DVD Review: "Janis: Little Girl Blue"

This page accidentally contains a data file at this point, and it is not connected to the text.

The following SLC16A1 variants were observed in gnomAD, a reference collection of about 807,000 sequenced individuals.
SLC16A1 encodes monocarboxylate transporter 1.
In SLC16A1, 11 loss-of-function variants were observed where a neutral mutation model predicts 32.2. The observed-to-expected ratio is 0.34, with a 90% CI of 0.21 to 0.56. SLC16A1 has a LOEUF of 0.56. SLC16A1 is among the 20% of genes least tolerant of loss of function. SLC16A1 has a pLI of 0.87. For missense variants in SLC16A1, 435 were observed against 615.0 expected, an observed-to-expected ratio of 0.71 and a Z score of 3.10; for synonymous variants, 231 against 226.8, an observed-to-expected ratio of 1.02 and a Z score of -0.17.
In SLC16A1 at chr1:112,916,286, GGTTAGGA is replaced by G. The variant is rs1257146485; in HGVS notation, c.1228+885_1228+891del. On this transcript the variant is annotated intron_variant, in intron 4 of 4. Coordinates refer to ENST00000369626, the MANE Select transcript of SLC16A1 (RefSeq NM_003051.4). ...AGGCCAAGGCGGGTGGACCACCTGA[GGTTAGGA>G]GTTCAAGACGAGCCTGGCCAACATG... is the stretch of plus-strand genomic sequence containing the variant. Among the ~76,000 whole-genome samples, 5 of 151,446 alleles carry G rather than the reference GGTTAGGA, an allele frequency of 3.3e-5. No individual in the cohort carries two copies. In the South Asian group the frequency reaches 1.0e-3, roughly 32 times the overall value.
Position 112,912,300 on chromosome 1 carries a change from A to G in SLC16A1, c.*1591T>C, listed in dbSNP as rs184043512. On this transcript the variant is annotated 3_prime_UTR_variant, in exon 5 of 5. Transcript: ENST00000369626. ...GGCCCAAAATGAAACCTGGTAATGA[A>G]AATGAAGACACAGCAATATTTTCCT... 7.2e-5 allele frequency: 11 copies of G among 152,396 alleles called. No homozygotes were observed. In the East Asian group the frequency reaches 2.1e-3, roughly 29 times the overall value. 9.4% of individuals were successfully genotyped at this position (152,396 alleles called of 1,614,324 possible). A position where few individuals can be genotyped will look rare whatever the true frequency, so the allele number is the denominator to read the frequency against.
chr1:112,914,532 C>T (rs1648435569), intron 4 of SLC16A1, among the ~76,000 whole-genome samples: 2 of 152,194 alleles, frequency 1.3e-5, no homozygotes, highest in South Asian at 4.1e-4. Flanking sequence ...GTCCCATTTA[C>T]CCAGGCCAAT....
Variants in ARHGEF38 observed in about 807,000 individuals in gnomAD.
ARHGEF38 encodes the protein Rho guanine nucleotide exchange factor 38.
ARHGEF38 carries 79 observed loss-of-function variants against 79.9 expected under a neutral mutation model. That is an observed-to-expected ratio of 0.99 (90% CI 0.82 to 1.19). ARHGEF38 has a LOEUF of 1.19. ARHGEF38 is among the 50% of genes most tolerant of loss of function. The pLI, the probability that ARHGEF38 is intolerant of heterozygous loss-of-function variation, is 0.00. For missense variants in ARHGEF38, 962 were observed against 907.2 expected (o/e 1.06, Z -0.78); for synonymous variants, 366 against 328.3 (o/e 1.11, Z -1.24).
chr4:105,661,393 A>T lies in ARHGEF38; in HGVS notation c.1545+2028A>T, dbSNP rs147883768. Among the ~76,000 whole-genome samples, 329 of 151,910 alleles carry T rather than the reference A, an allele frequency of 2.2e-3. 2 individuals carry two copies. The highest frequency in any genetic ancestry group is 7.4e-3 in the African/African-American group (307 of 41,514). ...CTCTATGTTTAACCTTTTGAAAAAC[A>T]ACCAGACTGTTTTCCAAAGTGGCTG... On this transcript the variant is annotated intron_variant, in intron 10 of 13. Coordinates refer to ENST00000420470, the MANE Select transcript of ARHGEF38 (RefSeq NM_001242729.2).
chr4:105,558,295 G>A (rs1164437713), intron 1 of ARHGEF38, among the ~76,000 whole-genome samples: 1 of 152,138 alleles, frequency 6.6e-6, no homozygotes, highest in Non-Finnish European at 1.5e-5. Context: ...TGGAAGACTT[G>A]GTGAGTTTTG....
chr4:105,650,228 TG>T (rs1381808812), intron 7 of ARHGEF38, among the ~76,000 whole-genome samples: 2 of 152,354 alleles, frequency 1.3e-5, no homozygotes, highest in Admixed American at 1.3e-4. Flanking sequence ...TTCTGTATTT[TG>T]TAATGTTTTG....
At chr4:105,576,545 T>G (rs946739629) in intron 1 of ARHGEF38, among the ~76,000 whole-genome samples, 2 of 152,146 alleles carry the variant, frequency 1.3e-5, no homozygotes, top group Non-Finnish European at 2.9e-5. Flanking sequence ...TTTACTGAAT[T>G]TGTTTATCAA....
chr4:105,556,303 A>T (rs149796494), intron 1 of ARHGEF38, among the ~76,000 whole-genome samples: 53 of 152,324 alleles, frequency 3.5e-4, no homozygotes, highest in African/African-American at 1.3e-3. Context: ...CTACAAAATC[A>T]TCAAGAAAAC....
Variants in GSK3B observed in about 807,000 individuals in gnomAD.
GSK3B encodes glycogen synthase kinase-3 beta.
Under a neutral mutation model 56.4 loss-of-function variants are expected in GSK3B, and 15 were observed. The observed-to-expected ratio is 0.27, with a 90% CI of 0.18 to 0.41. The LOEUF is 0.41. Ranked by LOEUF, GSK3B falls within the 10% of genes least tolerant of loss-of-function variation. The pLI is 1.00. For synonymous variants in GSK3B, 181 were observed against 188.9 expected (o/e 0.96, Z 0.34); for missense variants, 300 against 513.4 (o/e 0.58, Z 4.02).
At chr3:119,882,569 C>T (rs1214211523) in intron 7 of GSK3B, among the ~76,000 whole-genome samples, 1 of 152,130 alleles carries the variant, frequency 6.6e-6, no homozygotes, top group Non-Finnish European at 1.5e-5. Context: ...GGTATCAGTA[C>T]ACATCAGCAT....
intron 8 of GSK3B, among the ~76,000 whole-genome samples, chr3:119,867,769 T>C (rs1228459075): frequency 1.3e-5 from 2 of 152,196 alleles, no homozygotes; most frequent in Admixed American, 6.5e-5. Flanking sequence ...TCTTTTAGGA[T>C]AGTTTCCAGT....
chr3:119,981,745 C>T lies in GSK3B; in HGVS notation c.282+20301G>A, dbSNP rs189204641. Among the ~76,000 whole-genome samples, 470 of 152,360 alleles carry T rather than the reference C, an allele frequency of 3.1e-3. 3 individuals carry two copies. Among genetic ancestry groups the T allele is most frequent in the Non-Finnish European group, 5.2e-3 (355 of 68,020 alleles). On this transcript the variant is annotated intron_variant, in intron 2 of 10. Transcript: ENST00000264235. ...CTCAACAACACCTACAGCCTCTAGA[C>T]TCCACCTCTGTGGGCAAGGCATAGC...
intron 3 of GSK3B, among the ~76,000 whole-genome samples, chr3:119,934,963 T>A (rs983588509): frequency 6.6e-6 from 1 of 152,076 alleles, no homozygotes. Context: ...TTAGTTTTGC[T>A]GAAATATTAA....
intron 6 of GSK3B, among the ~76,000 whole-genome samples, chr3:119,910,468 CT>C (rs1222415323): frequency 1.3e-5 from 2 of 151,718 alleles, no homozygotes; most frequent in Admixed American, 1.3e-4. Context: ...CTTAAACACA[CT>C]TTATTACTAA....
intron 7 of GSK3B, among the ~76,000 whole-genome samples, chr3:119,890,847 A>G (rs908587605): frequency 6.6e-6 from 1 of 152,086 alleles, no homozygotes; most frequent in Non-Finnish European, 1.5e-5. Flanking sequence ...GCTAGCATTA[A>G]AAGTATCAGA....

Amy Berg’s documentary Janis: Little Girl Blue is an eye-opening affair, one that manages to present the late 27-year-old songstress, who died of a heroin overdose, in a new light. While Joplin’s legacy has long been cemented, Janis: Little Girl Blue does a great job in shedding new appreciation on her sheer talent as a singer. This feat is accomplished via rare archival footage of Joplin flexing her raw vocal ability, including one particularly chilling performance of “Summertime.” Janis: Little Girl Blue is full of a plethora of talking heads including close relatives, friends, musicians, boyfriends and former collaborators, as well as Joplin’s letters to friends, lovers and her parents read aloud by the singer-songwriter Chan Marshall, a.k.a. Cat Power. Joplin’s siblings Laura and Michael also offer their remembrances along the way. If Janis: Little Girl Blue does nothing else, it effectively introduces Janis Joplin to an entirely new audience and there’s a good chance that many newcomers will look on and marvel at what they are watching just as Mama Cass famously does, just one of many, many memorable moments from Janis: Little Girl Blue.